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2017 Honda CBR1000RR Fireblade Detailed at EICMA

Fancy getting yourself a new superbike next year? Honda rolled out its new 2017 CBR1000RR Fireblade in Milan this week, which is said to reach a new stage of Total Control through more power, less weight, and more electronics.
2017 Honda CBR1000RR Fireblade 26 photos
2017 Honda CBR1000RR Fireblade2017 Honda CBR1000RR Fireblade2017 Honda CBR1000RR Fireblade2017 Honda CBR1000RR Fireblade2017 Honda CBR1000RR Fireblade2017 Honda CBR1000RR Fireblade2017 Honda CBR1000RR Fireblade2017 Honda CBR1000RR Fireblade2017 Honda CBR1000RR Fireblade2017 Honda CBR1000RR Fireblade2017 Honda CBR1000RR Fireblade2017 Honda CBR1000RR Fireblade2017 Honda CBR1000RR Fireblade2017 Honda CBR1000RR Fireblade2017 Honda CBR1000RR Fireblade2017 Honda CBR1000RR Fireblade2017 Honda CBR1000RR Fireblade2017 Honda CBR1000RR Fireblade2017 Honda CBR1000RR Fireblade2017 Honda CBR1000RR Fireblade2017 Honda CBR1000RR Fireblade2017 Honda CBR1000RR Fireblade2017 Honda CBR1000RR Fireblade2017 Honda CBR1000RR Fireblade2017 Honda CBR1000RR Fireblade
The bike maker says 90% of the major components are new, and starting with the engine, the 2017 CBR1000RR Fireblade powerhouse is the first inline-four unit from Honda to be fitted with Throttle by Wire (TBW) control.

Along with that comes a new Power Selector which can be accessed through the new RMSS (Riding Mode Select System). This offers 5 levels of power output variations, all having the same throttle response on initial opening but giving different results in the higher rev ranges.

The 999.8 cc inline four-cylinder engine went through a revamping phase too, now coming with a revised valve lift and cam timing, 4-2-1 exhaust system with new catalytic convertor to meet Euro 4 regulations, as well as magnesium covers.

The result? The unit weighs 2 kg (4.4 lb) less and produces 11 more horsepower, with the total summing up to 192 HP at 13,000 rpm and a peak torque of 114 Nm (84 lb-ft) at 11,000.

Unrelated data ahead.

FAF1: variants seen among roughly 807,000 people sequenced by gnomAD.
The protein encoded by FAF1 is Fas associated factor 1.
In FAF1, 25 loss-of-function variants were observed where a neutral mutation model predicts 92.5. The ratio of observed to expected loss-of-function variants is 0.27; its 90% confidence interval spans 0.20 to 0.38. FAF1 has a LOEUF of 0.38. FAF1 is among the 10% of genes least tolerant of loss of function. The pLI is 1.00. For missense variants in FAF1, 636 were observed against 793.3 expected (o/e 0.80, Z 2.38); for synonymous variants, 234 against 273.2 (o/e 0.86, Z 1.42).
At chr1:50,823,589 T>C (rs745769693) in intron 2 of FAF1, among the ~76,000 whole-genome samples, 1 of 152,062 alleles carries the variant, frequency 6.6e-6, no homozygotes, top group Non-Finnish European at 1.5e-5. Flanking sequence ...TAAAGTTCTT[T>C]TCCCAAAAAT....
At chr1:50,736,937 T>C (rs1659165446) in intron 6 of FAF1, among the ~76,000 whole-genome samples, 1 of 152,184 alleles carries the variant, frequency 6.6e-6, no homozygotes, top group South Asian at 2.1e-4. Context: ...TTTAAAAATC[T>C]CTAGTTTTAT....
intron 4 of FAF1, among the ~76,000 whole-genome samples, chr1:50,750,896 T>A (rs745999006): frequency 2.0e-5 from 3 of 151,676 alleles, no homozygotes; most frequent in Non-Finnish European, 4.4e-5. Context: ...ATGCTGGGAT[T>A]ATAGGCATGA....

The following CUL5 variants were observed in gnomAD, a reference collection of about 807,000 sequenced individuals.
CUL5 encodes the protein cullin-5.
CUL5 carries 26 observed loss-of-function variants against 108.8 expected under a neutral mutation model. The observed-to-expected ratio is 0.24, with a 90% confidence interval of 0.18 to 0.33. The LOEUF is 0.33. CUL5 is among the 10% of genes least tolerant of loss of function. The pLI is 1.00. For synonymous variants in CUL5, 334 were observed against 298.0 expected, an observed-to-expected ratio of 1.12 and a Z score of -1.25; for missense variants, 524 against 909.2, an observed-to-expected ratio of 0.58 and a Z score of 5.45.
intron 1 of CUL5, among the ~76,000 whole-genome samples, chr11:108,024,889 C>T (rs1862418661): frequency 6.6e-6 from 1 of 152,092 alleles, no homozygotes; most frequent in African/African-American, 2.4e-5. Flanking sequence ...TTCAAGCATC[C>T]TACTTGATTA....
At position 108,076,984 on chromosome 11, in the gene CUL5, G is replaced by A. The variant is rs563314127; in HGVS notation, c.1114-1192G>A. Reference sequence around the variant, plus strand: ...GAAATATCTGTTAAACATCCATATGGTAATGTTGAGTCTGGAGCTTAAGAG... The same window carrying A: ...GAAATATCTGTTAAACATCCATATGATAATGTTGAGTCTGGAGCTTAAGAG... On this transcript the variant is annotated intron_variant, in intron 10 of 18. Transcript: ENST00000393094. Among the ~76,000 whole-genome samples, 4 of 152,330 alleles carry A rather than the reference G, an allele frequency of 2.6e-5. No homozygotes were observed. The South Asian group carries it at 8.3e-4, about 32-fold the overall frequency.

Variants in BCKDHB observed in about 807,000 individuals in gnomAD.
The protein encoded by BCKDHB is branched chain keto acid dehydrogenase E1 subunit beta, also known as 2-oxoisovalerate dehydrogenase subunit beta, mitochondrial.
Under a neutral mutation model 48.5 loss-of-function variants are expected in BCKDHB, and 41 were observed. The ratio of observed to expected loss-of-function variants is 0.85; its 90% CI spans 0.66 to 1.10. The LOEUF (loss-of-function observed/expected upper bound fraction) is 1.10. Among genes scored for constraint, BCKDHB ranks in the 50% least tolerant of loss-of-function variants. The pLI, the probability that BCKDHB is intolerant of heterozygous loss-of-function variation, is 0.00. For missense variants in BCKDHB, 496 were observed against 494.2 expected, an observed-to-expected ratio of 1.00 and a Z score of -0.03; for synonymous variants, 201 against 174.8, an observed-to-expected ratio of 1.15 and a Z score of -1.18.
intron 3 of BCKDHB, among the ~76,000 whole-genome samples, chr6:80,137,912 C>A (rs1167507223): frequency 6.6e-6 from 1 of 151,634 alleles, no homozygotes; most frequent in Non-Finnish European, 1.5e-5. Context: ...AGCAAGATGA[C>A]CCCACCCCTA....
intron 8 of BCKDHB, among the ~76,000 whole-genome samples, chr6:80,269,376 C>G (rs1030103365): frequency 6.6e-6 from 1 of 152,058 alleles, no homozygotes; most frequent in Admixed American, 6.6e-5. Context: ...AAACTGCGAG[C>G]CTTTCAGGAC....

A revised assisted slipper clutch is on the list with a single die-cast pressure plate and clutch center, offering reduced load at the lever. For downshifts, the slipper functionality remains the same as before but aluminum cam parts (instead of steel) save weight. The gap between the accelerating and decelerating cams has also been optimized, again improving lever feel when changing gear.

Moving to the body of the bike, the frame’s walls have been thinned to save weight while still retaining its transverse rigidity. The aluminum swingarm follows the same recipe while the rear subframe has been redesigned for simplicity and low weight.

At the front, you get Showa 43 mm Big Piston Forks (BPF), while the back end gets a Balance Free Rear (BFR) shock. Further on, the bike adopts new Tokico four-piston radial calipers, redesigned rims for optimal performance and weight while the fairing has been reduced to a minimum.

Finally, the other new electronic aids on the CBR1000RR Fireblade are represented by the ABS, Inertial Measurement Unit (IMU) and the Honda Selectable Torque Control (HSTC). All work together to keep the bike rubber side down in a variety of road conditions and rider inputs. And yes, it does allow for controlled wheelies.



 
 
 
 
 

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